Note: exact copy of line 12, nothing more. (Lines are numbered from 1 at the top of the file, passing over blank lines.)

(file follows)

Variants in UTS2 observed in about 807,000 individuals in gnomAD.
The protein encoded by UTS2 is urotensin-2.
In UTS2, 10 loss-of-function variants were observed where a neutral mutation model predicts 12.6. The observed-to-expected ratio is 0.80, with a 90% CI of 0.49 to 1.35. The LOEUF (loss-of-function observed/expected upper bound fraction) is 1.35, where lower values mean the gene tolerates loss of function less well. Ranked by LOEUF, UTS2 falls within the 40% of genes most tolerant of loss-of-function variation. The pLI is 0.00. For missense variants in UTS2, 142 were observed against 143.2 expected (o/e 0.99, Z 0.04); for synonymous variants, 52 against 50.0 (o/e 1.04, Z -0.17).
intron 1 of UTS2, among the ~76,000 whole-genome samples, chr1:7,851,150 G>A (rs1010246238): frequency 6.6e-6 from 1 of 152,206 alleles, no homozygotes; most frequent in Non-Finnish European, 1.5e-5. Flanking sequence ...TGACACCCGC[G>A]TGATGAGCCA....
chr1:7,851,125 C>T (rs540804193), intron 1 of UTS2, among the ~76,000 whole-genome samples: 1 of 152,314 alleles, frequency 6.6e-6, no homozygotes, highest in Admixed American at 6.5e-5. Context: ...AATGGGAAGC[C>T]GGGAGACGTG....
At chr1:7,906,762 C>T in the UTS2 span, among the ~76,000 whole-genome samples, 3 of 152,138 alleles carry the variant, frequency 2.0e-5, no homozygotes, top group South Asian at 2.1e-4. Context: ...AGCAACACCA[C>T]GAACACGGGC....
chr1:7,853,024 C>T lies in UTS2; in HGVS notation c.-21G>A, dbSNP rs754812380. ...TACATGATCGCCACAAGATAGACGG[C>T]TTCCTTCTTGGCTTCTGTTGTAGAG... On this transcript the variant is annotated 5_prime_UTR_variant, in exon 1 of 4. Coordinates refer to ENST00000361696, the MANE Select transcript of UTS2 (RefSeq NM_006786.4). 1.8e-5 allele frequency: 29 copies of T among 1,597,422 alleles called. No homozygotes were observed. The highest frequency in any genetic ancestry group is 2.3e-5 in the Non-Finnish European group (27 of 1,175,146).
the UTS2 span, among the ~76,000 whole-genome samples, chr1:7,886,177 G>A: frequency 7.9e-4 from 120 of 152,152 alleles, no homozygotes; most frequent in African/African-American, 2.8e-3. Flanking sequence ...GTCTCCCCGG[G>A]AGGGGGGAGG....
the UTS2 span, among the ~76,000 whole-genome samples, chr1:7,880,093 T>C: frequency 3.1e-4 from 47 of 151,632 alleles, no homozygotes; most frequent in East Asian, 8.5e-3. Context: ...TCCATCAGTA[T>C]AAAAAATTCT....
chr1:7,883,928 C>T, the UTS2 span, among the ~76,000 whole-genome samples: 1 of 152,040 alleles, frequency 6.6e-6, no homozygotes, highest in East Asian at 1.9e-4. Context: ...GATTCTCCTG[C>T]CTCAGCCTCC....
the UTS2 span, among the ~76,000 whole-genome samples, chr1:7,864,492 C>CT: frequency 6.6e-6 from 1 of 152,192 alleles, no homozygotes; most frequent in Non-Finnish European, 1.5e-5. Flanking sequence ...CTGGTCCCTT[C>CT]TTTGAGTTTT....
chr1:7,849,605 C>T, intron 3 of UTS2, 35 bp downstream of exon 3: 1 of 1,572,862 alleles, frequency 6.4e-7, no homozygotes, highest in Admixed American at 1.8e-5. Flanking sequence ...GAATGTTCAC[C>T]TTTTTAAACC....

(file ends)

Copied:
chr1:7,849,605 C>T, intron 3 of UTS2, 35 bp downstream of exon 3: 1 of 1,572,862 alleles, frequency 6.4e-7, no homozygotes, highest in Admixed American at 1.8e-5. Flanking sequence ...GAATGTTCAC[C>T]TTTTTAAACC....